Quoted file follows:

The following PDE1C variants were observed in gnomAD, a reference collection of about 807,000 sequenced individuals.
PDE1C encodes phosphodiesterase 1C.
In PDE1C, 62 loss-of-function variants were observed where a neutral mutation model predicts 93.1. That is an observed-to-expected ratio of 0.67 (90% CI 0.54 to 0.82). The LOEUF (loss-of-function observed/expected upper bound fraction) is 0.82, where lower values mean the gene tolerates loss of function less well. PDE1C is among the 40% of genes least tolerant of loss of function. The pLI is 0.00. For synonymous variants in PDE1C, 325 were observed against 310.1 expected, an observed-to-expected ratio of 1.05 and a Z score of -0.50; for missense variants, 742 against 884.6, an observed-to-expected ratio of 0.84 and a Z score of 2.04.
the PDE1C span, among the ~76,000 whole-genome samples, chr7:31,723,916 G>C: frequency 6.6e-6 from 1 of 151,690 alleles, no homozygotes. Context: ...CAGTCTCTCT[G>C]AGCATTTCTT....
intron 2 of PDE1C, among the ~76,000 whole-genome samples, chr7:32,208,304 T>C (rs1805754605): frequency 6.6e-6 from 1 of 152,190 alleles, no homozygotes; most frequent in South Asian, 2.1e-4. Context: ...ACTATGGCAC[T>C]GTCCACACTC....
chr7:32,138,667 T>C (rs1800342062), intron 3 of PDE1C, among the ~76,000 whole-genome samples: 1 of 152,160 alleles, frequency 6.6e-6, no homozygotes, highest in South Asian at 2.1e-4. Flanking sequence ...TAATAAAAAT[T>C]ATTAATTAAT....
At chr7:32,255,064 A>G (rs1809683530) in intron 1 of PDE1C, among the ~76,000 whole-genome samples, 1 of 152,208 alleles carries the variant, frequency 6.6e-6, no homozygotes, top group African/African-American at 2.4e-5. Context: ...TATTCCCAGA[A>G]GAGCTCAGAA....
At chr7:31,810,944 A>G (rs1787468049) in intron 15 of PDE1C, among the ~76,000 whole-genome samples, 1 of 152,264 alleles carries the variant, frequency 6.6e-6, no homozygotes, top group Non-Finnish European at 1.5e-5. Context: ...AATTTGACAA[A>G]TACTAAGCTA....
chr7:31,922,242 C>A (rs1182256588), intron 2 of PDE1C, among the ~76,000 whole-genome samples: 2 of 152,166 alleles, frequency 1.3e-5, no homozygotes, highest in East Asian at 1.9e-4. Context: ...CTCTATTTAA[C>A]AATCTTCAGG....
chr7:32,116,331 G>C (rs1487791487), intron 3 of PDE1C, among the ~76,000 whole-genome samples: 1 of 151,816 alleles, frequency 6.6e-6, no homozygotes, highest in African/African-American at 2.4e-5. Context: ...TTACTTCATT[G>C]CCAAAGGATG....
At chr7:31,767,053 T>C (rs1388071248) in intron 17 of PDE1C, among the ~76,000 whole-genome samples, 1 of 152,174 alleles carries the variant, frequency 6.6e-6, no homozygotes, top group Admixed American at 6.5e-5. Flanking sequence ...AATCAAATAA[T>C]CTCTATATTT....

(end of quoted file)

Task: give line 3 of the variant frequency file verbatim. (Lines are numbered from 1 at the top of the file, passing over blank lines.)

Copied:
In PDE1C, 62 loss-of-function variants were observed where a neutral mutation model predicts 93.1. That is an observed-to-expected ratio of 0.67 (90% CI 0.54 to 0.82). The LOEUF (loss-of-function observed/expected upper bound fraction) is 0.82, where lower values mean the gene tolerates loss of function less well. PDE1C is among the 40% of genes least tolerant of loss of function. The pLI is 0.00. For synonymous variants in PDE1C, 325 were observed against 310.1 expected, an observed-to-expected ratio of 1.05 and a Z score of -0.50; for missense variants, 742 against 884.6, an observed-to-expected ratio of 0.84 and a Z score of 2.04.